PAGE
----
You will need to designate one area of your home will the schooling will take place. If you have limited space and your designated area ends up being the kitchen table, make sure that there is a standing rule that you must stick to of not having any food or drinks in that area while school is in session. You need to be very serious when it comes to this. The designated area needs to be in the same place each time, and it must be guarded and free of any disturbances at all times. Remember, this area is considered to be your "Little School" within your house.
One of the most important routines to follow is "Time Consistency". The schedule of working with your child should be at the same each day, or follow a consistent pattern of what class at what time on what day. Have a regular schedule of class times posted on the wall or refrigerator. During this time everyone in the home needs to know that this is a serious time and to not do anything that would be distracting. You need to shut the ringer off on your phone, and not take any calls during class time.
Most children can go up to a couple of hours without a break if they are enjoying their learning, but if they need a break after the first hour, make sure they know it will only be for 5 or 10 minutes at the most. And No Television during the breaks. Your television should remain off unless it is in a completely different area of the home where it cannot be heard.
Time consistency must be maintained. It needs to be your number one priority in home schooling. Make sure you get the lesson plans for each day done that day and not put off until another time. Do not skip over lesson plans if you get held up by an emergency or something beyond your control. Just pick up where you left off.
The author invites you to his Blog that offers more useful information and discussions about Home Schooling. The Blog also provides direct access to helpful Home Schooling Guides and Lesson Plans.
You can find it at http://homeschoolguides.blogspot.com/.
As a result of this belief, you incur tens of thousands, even hundreds of thousands in student loans or loans from parents (if you have a heart, you will consider it as a loan) since it is too much a sum to pay off on your own. As what is shared with me by a senior member of a university, a student's school fees is only a very small fraction of the amount that the university needs, with the rest coming from government(also not a very huge sum) and the private sector, foundations, companies and like (a very significant amount).
It's just economics from here on. Times are bad. Universities are facing more and more competition, since there are many hungry wolves out there scraping for a piece of the slice of higher education industry that has a growth rate that is increasing every year. Since a significant of funds of universities come from the private sector, these institutions will not want to part with their highly paid directors who know how to develop relationships with highly generous alumni. They don't want to scale down their astronomical building and expansion plans either. They certainly don't want to lower tuition rates or housing or other fees.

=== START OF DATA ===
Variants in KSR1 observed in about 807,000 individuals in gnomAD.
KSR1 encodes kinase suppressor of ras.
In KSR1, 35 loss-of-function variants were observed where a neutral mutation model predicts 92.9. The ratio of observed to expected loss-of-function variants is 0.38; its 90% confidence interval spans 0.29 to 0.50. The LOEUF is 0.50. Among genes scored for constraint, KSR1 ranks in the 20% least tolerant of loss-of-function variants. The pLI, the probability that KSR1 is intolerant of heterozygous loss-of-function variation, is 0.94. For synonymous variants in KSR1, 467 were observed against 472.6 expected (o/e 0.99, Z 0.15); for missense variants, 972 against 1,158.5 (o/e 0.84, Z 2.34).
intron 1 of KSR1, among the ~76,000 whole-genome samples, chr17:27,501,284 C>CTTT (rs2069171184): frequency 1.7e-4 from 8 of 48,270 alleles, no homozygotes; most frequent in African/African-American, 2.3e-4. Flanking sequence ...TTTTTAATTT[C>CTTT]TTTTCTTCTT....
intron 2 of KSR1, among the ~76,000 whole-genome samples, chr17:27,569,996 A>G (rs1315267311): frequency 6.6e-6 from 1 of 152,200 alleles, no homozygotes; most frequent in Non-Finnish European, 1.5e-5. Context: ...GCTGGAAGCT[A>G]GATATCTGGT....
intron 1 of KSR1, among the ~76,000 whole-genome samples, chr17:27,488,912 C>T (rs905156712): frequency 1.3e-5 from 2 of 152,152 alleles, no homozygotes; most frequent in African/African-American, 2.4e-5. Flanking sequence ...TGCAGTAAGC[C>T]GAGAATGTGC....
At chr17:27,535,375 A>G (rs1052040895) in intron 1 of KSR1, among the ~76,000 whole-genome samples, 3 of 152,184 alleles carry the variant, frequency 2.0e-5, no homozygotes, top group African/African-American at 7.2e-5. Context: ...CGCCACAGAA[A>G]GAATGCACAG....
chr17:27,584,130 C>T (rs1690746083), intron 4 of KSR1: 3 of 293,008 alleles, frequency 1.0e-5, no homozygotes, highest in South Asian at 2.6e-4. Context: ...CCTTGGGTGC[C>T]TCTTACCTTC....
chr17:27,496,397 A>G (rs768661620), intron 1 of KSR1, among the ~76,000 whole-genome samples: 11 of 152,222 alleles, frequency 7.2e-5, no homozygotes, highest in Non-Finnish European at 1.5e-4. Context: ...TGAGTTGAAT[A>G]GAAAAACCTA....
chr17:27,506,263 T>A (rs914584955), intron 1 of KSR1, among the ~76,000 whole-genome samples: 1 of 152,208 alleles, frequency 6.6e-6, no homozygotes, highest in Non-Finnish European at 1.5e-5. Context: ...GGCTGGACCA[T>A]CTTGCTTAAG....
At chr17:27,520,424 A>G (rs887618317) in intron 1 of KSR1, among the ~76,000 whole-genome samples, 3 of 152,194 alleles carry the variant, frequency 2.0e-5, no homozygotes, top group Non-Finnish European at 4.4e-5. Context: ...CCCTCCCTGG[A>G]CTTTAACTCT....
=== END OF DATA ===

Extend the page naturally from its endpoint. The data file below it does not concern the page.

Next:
The question now is this: Faced with more competition, more uncertainty about global outlook, more needs of funds (for the development of the infrastructure, the ever growing salary of professors and other stuff) and lesser donations from the private sector (again due to uncertainty and budget tightening), where are they going to "squeeze" the funds from?
The answer: Students. The interests of the students will be sacrificed because they are the least protected and most innocent of the whole academic community. There are numerous articles online that will support this. Sure, Yours Truly think that around 25% of them are too far from the truth, but the sheer amount of complaints, dis-satisfaction and other related articles are just too much to ignore. I don't believe that all of these allegations are false, how can it be?
Don't take my words at face value. I only aim to open up your mind. Do your own research online or elsewhere. Talk to people higher up in the education institutions who can be honest with you. You don't need me to convince you, you need to convince yourself. Find out what is the state of the higher education industry right now, what wrongs are being committed against the very people who relied on them, the students.
Tales Zephyrus Lucrex is one of the 3 writers at Enxie Ferite (enxieferite.net84.net). Enxie Ferite serves as a one-stop entertainment website that consists of interesting articles of myths, humour, good-to-knows, anime and others. It also consists of music videos from English, Chinese and Japanese music.
To view the articles in the full context, and check out other posts as well, do visit http://enxieferite.net84.net/